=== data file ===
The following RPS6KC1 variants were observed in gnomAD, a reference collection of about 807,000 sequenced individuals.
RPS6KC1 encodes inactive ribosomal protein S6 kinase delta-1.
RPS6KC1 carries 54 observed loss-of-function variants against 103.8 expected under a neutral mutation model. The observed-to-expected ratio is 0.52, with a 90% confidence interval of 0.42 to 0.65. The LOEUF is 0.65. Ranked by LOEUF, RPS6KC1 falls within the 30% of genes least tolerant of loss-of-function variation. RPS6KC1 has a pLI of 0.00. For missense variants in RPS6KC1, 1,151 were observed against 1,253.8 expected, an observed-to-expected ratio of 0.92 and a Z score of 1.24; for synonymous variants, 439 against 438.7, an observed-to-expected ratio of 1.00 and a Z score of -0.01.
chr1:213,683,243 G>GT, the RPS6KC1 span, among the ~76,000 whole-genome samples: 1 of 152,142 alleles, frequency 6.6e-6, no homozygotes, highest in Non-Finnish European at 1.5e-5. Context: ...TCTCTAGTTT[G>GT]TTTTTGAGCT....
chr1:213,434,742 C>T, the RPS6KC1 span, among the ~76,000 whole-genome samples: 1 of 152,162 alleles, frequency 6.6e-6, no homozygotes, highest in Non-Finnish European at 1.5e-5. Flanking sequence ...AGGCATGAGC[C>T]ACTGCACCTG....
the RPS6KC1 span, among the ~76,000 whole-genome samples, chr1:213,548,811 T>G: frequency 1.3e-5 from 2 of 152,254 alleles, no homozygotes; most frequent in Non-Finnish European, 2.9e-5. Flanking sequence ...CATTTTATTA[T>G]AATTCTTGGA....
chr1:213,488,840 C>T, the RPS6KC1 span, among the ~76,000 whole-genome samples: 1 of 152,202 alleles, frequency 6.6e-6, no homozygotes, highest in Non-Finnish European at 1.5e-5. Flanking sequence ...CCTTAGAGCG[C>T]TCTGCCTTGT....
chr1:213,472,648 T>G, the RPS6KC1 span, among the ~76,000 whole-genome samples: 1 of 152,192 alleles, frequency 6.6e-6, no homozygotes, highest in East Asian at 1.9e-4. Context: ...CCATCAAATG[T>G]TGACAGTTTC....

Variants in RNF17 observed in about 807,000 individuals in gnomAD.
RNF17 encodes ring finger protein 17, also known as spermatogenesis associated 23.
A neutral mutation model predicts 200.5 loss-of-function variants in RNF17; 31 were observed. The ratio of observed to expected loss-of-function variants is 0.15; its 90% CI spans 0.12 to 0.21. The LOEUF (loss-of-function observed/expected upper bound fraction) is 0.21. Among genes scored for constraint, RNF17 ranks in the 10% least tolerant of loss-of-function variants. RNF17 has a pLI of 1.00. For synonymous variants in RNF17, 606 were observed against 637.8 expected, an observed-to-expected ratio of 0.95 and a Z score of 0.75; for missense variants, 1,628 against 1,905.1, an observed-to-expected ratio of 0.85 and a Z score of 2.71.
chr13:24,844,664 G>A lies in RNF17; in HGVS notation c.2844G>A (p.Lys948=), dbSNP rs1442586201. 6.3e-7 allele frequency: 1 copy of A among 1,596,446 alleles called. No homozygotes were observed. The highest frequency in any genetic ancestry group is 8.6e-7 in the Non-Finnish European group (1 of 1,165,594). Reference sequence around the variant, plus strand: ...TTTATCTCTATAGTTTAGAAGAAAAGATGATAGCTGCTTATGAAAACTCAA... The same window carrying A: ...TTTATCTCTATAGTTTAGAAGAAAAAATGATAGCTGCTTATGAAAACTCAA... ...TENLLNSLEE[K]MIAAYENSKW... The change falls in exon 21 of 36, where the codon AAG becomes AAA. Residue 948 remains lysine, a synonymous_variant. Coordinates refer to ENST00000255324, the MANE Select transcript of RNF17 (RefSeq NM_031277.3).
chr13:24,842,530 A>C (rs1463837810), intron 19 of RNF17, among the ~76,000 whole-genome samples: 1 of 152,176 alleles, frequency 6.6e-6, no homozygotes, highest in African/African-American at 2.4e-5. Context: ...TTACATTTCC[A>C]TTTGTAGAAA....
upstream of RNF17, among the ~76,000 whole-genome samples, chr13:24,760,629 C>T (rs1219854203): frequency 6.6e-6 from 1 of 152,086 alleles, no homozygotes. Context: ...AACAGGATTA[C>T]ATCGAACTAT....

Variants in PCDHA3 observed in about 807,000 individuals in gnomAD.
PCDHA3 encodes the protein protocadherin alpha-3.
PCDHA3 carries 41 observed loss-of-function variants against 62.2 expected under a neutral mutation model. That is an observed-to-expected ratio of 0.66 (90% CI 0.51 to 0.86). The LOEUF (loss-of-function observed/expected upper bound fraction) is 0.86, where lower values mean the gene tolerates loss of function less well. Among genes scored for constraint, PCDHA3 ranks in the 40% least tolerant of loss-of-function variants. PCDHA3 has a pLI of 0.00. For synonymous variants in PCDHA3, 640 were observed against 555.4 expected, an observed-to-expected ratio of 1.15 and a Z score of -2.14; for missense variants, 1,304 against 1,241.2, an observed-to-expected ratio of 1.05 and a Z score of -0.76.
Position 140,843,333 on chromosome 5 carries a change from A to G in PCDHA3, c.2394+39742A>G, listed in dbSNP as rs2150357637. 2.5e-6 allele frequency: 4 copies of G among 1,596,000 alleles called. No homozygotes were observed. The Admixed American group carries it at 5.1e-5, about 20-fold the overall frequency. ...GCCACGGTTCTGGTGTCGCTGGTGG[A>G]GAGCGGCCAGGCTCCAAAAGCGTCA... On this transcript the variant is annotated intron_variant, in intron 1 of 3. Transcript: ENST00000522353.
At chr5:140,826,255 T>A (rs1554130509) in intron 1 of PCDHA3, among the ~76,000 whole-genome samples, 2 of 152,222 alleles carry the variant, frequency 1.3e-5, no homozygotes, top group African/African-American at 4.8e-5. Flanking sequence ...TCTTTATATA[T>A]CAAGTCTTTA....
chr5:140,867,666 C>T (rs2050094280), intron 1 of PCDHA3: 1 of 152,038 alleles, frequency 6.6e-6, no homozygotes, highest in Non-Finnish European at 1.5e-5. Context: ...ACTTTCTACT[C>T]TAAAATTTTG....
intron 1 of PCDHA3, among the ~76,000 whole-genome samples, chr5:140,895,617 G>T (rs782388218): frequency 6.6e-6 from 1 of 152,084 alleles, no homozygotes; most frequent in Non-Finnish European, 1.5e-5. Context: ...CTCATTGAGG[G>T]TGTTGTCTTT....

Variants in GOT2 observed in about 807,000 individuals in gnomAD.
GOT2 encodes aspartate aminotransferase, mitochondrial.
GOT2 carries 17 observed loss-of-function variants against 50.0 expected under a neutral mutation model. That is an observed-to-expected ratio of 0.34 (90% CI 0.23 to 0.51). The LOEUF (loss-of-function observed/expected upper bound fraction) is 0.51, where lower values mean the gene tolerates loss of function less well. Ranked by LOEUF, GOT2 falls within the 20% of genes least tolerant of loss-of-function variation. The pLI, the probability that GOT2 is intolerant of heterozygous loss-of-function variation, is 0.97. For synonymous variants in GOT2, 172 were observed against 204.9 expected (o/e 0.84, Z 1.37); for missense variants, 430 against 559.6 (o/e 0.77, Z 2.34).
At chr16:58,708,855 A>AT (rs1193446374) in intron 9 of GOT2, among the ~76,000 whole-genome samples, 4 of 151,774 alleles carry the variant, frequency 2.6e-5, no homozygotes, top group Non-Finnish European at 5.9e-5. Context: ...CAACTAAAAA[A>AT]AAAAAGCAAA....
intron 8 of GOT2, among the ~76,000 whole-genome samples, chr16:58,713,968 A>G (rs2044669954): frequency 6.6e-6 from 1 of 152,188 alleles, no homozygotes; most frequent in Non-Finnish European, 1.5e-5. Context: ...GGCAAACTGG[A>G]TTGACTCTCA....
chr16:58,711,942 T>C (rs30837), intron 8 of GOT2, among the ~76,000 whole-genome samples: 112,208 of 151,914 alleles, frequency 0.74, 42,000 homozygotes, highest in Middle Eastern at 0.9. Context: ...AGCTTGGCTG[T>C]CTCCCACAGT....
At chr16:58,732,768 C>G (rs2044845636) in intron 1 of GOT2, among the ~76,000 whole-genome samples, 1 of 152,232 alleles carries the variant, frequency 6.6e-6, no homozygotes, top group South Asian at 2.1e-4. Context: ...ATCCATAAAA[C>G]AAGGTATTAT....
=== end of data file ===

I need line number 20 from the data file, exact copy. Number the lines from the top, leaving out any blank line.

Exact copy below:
chr5:140,867,666 C>T (rs2050094280), intron 1 of PCDHA3: 1 of 152,038 alleles, frequency 6.6e-6, no homozygotes, highest in Non-Finnish European at 1.5e-5. Context: ...ACTTTCTACT[C>T]TAAAATTTTG....